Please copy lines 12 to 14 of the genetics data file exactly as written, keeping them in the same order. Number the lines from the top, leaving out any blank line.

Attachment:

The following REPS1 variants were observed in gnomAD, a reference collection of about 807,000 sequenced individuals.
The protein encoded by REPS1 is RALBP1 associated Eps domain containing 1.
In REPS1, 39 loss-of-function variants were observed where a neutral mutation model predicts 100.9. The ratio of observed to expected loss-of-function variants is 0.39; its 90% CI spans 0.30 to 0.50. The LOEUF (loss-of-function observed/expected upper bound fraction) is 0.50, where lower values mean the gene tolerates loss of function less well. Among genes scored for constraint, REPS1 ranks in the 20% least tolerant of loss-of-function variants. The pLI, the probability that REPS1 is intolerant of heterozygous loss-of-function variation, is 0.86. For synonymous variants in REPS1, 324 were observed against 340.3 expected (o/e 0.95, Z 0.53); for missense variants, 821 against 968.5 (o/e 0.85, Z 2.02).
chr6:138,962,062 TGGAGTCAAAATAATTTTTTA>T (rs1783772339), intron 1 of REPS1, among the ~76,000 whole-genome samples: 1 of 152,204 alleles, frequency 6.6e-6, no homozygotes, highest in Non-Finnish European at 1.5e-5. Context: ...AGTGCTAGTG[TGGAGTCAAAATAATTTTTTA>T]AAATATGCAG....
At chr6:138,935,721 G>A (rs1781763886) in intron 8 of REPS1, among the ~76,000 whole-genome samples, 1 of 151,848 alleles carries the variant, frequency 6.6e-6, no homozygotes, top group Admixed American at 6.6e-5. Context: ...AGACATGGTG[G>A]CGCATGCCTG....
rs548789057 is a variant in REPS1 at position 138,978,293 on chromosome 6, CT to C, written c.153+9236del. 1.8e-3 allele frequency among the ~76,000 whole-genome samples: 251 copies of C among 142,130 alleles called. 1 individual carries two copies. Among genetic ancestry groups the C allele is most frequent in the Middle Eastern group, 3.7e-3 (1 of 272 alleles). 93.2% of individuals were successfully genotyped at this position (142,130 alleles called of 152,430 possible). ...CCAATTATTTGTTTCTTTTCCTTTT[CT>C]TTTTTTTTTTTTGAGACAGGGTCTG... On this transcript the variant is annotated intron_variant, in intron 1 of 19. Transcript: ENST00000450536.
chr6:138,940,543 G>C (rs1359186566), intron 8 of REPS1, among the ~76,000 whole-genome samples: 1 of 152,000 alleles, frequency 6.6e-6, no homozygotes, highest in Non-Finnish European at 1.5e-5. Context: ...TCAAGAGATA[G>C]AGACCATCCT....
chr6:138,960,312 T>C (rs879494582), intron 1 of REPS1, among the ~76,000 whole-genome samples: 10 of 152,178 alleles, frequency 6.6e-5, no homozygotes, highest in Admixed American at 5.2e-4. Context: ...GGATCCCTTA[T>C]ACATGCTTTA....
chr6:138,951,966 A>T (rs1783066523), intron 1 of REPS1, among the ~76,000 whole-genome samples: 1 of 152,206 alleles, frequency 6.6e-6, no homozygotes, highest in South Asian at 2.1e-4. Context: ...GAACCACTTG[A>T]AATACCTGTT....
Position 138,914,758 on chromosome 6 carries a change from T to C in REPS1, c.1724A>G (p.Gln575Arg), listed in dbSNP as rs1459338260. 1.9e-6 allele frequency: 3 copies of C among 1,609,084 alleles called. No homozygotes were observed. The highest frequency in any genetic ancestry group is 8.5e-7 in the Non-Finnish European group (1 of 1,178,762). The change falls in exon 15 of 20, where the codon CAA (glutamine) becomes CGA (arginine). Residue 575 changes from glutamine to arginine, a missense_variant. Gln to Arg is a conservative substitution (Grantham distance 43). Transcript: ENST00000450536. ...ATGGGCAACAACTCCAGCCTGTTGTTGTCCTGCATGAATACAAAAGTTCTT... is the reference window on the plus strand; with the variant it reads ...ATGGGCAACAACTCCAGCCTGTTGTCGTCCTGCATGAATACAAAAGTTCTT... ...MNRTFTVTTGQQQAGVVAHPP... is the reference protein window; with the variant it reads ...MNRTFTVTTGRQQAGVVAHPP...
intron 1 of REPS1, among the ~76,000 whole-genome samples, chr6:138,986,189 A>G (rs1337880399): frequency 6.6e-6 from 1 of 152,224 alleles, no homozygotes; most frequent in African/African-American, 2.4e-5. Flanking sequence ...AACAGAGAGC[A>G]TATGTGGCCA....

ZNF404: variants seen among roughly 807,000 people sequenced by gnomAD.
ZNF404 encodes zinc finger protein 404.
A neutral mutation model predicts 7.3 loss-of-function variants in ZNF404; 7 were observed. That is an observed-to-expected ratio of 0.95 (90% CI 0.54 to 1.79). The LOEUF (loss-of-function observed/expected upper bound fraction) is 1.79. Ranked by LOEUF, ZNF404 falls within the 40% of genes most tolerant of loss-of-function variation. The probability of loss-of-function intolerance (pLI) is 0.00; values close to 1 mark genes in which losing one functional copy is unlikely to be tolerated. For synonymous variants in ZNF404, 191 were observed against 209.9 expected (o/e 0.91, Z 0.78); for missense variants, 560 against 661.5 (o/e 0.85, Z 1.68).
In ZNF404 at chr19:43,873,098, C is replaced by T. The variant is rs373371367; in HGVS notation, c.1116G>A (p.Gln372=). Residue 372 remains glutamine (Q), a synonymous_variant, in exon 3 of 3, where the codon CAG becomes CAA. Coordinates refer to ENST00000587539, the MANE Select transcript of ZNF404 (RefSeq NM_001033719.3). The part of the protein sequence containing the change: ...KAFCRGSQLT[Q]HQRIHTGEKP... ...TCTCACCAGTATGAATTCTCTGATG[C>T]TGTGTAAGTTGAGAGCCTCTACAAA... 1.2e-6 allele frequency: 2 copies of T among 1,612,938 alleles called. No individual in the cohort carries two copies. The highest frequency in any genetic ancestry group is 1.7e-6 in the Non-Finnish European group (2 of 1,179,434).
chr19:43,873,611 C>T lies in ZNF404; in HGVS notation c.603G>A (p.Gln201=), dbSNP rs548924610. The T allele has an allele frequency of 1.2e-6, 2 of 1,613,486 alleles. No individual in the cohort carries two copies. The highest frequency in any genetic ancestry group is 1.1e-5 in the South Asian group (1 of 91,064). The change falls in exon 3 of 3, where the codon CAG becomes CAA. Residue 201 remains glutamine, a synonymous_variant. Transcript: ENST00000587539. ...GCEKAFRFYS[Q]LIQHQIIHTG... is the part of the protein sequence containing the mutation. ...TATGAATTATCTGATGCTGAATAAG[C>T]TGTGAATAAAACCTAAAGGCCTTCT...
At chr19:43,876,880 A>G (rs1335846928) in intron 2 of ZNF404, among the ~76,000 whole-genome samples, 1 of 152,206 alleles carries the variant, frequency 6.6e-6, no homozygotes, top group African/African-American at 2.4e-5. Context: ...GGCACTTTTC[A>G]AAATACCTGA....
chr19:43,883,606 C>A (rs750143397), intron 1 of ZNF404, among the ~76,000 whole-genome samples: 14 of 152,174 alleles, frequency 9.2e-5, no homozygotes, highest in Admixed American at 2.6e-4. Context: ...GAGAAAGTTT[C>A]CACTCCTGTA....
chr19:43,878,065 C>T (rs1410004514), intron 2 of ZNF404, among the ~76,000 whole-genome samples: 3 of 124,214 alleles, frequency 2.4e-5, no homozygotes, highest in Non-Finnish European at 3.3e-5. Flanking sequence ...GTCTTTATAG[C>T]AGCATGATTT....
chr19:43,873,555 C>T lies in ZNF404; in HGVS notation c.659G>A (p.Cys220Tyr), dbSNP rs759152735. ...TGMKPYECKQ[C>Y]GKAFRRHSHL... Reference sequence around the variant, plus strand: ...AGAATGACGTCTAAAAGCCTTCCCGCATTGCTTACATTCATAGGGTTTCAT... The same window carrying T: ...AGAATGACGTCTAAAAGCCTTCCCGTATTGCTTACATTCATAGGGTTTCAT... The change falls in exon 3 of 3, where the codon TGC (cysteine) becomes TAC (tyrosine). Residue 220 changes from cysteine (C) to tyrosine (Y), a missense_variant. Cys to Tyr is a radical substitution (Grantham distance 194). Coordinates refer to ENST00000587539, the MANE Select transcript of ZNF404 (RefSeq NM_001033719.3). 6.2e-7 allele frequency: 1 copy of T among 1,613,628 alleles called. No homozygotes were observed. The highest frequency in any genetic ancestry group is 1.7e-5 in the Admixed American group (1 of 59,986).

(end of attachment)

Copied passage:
ZNF404: variants seen among roughly 807,000 people sequenced by gnomAD.
ZNF404 encodes zinc finger protein 404.
A neutral mutation model predicts 7.3 loss-of-function variants in ZNF404; 7 were observed. That is an observed-to-expected ratio of 0.95 (90% CI 0.54 to 1.79). The LOEUF (loss-of-function observed/expected upper bound fraction) is 1.79. Ranked by LOEUF, ZNF404 falls within the 40% of genes most tolerant of loss-of-function variation. The probability of loss-of-function intolerance (pLI) is 0.00; values close to 1 mark genes in which losing one functional copy is unlikely to be tolerated. For synonymous variants in ZNF404, 191 were observed against 209.9 expected (o/e 0.91, Z 0.78); for missense variants, 560 against 661.5 (o/e 0.85, Z 1.68).